You're looking for work, and you get an unsolicited e-mail purporting to offer you a job. Full details are in this link; click here. Gotcha!
To defend against this one, look carefully at the e-mail. Was it addressed to you by name (as a legitimate inquiry would be) or just by e-mail address? Did the writer say what it was about your résumé that interested him or her? Does the offer state the physical location of your new workplace? (If not, why not?) Your salary? (Legitimate employers save this for a printed job offer letter.) Does it urgently request immediate action (within minutes or hours)? If it seems to have come from a job-search site where you have a résumé listed, are you sure? Some spammers forge, or “spoof” the address of a well-known job site. As always, never click on a link unless you're sure where it leads. (See “Where does a link really lead?” above.)
An unsolicited e-mail carries an attachment or link with a cover letter claiming it's an erotic photo. For example, here's one I actually got:
Fortunately, my virus scanner deleted the attachment. Yours may or may not. Here's news story about a similar trick.Hey. I am attaching a pic of my big boobs. Enjoy my love!
This one threatens to cancel the recipient's e-mail account unless certain very personal details are divulged by return e-mail. Of course the e-mail doesn't really come from your service provider (who would already have this information), and your response allows the scammer to steal your identity. Here's one example:
ATTN, We are currently upgrading our database and as such terminating all unused accounts to reduce congestion on the network. To prevent your account from being terminated, you will have to update it by providing the information requested below: ****************************************** PLEASE CONFIRM YOUR EMAIL IDENTITY NOW! Email : ...................... Password : .................. Date Of Birth : .............. ****************************************** NOTE: Your data and information will not be interfered with or tampered we will just record your data back into our data base and send you an email and after 24hours. Warning!!! Account owners that refuses to update their account may lose such an account permanently. Message Code: NXDT-4AJ-ACC Thank you, Mail Support Team. Upgrade on your Webmail Account.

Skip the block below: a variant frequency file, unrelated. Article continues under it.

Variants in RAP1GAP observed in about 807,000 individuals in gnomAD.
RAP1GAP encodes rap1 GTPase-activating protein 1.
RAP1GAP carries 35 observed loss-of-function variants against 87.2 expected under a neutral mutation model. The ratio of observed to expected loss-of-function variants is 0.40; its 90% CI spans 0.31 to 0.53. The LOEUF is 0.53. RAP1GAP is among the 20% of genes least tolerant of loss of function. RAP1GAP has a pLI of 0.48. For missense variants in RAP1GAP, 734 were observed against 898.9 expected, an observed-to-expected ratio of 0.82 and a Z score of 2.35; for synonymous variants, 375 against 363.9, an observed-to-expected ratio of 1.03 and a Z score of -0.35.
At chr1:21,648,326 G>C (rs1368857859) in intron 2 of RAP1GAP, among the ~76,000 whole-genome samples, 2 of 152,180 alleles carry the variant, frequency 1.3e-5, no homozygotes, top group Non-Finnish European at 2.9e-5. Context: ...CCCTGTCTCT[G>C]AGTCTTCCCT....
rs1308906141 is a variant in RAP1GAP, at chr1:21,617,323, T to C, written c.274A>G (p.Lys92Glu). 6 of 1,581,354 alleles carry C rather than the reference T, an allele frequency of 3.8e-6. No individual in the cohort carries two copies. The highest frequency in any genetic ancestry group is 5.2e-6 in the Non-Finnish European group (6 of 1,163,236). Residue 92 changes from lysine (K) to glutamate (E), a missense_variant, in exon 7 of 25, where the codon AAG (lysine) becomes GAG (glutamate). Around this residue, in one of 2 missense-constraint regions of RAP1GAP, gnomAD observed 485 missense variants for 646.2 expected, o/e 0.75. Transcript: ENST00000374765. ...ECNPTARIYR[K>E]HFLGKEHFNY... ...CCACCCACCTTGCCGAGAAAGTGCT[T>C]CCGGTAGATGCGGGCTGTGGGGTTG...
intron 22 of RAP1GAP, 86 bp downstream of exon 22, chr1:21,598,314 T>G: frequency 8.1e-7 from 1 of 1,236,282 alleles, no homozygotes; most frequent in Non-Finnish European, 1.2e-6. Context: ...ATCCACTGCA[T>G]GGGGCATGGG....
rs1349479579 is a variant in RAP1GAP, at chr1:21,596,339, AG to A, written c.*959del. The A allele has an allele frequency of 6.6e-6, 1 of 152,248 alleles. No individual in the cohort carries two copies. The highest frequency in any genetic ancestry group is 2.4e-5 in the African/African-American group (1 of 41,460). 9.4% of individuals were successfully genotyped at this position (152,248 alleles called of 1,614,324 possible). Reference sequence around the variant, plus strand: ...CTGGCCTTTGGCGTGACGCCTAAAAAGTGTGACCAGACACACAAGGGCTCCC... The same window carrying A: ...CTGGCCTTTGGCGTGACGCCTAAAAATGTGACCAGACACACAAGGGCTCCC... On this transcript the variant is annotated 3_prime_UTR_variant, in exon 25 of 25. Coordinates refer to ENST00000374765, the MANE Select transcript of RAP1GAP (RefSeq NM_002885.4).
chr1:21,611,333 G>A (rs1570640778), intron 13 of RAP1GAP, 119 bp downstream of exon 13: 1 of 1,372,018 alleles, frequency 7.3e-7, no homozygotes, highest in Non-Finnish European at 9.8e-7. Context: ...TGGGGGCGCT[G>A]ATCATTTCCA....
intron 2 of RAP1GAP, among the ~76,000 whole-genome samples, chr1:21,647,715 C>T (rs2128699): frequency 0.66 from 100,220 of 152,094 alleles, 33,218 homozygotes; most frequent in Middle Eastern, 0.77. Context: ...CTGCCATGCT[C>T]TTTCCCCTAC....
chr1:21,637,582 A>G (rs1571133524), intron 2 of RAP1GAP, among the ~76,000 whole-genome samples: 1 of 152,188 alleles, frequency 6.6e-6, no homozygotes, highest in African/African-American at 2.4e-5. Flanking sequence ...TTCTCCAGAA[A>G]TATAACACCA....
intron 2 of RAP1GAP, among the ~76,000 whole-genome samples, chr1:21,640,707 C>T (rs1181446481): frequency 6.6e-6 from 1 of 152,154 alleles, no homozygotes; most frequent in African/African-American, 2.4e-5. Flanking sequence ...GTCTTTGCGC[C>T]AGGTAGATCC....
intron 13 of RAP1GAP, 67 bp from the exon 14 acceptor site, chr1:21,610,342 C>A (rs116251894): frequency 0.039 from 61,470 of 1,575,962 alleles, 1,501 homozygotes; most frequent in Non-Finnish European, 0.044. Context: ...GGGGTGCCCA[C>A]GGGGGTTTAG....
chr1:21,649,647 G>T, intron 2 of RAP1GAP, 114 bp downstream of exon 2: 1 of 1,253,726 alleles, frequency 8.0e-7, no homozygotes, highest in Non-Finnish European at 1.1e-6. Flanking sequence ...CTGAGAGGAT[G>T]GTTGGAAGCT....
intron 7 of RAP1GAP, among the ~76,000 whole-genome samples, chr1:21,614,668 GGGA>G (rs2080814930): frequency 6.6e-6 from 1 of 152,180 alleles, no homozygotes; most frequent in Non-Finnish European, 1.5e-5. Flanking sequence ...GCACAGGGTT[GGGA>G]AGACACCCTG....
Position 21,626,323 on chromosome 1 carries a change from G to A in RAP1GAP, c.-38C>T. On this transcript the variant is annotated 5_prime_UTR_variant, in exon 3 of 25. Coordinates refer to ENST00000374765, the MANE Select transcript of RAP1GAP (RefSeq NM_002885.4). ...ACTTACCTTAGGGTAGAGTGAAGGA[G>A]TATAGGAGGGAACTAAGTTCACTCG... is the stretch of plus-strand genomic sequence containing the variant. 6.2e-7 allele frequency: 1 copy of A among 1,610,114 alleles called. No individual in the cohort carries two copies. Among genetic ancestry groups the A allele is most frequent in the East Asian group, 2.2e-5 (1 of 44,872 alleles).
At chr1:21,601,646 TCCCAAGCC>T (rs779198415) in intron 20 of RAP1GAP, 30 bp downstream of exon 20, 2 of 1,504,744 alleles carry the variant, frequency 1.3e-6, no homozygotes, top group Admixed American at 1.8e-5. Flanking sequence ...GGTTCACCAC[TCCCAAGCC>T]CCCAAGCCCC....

You get an e-mail telling you that your e-mail account will be suspended unless you install some updates right away, and conveniently the e-mail includes a link to install them. Only problem is, the sender of the message has nothing to do with your e-mail account, and the link actually installs malicious software (malware).
In the above example, an astute reader might ask why someone at Chung Chang University in Taiwan would be suspending anyone's Yahoo Mail account. An even more astute reader might suspect that the “From:” address might be spoofed and it didn't really come from Chung Chang University.
The wisest response is to ignore or delete this message, and if you are still concerned, check with your e-mail provider by their known and trusted address to see whether updates are really needed.
You get an e-mail claming that your credit card payment is overdue, but the late fee will be waived if you open the attachment right away, or complete and submit this form. Catch is, the e-mail didn't come from your bank, the attachment installs malicious software on your computer, and the form doesn't go to your bank but sends your personal information to the con artist who sent it to you. Gotcha!
What to do instead: Delete the junk mail. If you really suspect something is amiss with your credit card, log in to the bank's web site via a link you trust and check your account activity there.
You get an e-mail purporting to be from the Better Business Bureau reporting a complaint against you. Details are in the attachment. However, the e-mail is phony and attachment (or link) leads to malicious software. Gotcha!
You get an e-mail inviting you to a wedding, except it doesn't name the bride and groom, state the location or give any other important details, which are supposedly on the linked page. If you click for details, your computer belongs to the hacker.
You are Cordially Invited to Celebrate|
the Our Wedding
On Tuesday March the 29 at Four O'clock
Followed by a Reception
This example was received in 2013, in which March 29 is not Tuesday. Notice also the bad grammar, “the Our”.
You get an e-mail stating that you've won a lottery, click for details. If you do, maybe you download malware, or maybe you're asked to pay a “processing fee” to claim your winnings.
Questions to ask: Did I buy a ticket in that lottery? Did I give my e-mail address when I did? Does the e-mail make reference to that purchase? Unless all three answers are yes, the e-mail is either a malware scam or a financial scam.
A web site offers a free download of a popular, music album, movie, or other software, but to get it you must first download and install an executable download utility (in .exe format). Be very careful! Reputable distributors (like Amazon.com) may provide an innocuous downloader (like Amazon's MP3 Downloader), but other, unscrupulous distributors may include malicious code in their downloader, so that while your music is downloading, so is their ability to take over control of your computer. Remember, opening any executable file gives total control of your computer to its distant and unknown author, so you should only use executable files obtained directly from publishers you know and trust.
An archive file is a big file containing lots of little files. For example, a music album might be stored as a single archive containing a separate file for each song or track. Popular archive formats include ZIP and RAR. Normally, an archive file needs an application program to unpack it (extract the individual files it contains), e.g. WinZIP or WinRAR.